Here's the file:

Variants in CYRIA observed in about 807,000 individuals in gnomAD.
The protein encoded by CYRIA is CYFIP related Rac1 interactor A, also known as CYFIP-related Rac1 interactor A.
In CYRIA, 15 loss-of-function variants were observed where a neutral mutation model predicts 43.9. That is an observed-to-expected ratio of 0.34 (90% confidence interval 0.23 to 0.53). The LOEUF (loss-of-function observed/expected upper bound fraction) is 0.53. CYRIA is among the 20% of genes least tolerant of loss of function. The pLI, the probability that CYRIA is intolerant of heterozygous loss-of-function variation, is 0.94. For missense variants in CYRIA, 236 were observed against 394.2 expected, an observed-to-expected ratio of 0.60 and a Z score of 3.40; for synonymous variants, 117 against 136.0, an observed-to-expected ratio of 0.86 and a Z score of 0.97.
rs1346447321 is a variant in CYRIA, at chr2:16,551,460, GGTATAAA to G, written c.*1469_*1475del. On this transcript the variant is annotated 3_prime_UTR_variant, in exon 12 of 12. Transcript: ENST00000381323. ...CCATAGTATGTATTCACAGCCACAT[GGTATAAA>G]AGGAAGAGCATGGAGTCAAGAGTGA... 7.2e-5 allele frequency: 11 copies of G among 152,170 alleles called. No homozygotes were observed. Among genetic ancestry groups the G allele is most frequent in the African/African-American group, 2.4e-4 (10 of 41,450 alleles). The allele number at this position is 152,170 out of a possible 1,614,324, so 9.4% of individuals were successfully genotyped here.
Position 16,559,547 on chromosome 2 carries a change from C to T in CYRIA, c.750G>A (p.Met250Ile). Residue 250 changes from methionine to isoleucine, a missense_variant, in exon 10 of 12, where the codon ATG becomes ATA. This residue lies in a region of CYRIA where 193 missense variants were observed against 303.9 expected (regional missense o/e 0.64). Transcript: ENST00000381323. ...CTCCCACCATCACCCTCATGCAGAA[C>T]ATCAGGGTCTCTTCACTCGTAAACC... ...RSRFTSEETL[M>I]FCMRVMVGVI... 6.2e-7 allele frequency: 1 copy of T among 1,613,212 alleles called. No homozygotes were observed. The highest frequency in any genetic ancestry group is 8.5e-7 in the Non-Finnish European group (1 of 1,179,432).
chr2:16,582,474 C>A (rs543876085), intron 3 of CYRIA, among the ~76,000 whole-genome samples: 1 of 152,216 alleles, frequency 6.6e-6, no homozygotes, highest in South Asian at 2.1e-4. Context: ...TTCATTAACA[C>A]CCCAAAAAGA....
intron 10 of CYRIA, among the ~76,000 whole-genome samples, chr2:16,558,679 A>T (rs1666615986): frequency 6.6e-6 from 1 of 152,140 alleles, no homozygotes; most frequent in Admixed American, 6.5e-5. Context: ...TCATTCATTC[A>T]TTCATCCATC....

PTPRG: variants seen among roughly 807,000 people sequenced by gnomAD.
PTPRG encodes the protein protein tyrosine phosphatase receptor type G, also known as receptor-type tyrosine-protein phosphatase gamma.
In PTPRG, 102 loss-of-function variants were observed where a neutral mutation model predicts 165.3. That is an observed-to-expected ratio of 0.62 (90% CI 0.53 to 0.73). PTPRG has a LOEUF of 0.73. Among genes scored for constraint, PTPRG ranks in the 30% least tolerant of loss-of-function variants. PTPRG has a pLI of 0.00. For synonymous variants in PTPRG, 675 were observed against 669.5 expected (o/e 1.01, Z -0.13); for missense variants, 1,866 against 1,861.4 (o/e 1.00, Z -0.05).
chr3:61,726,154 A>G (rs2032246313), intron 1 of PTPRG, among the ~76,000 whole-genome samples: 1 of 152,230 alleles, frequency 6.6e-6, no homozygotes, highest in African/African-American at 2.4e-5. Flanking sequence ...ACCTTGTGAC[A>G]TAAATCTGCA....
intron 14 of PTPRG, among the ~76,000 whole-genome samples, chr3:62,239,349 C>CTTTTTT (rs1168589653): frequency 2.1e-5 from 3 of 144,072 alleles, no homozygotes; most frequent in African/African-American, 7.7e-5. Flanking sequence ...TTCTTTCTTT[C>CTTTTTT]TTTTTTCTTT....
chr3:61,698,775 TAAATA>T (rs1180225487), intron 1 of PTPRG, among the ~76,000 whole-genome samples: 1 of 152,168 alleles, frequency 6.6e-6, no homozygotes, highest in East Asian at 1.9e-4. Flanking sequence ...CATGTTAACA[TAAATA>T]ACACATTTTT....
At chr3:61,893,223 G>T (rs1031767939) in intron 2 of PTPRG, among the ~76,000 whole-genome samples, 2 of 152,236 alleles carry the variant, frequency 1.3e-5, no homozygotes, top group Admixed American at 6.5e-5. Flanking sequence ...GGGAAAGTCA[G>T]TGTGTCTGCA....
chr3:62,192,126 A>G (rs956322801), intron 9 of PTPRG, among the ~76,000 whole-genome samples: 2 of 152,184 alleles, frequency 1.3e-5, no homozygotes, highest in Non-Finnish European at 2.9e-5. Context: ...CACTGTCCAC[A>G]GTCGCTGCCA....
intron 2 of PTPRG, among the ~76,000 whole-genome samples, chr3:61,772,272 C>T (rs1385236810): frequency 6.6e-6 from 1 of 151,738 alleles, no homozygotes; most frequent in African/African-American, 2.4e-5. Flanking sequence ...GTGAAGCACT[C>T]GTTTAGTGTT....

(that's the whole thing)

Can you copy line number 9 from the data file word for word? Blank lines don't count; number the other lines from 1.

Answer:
PTPRG encodes the protein protein tyrosine phosphatase receptor type G, also known as receptor-type tyrosine-protein phosphatase gamma.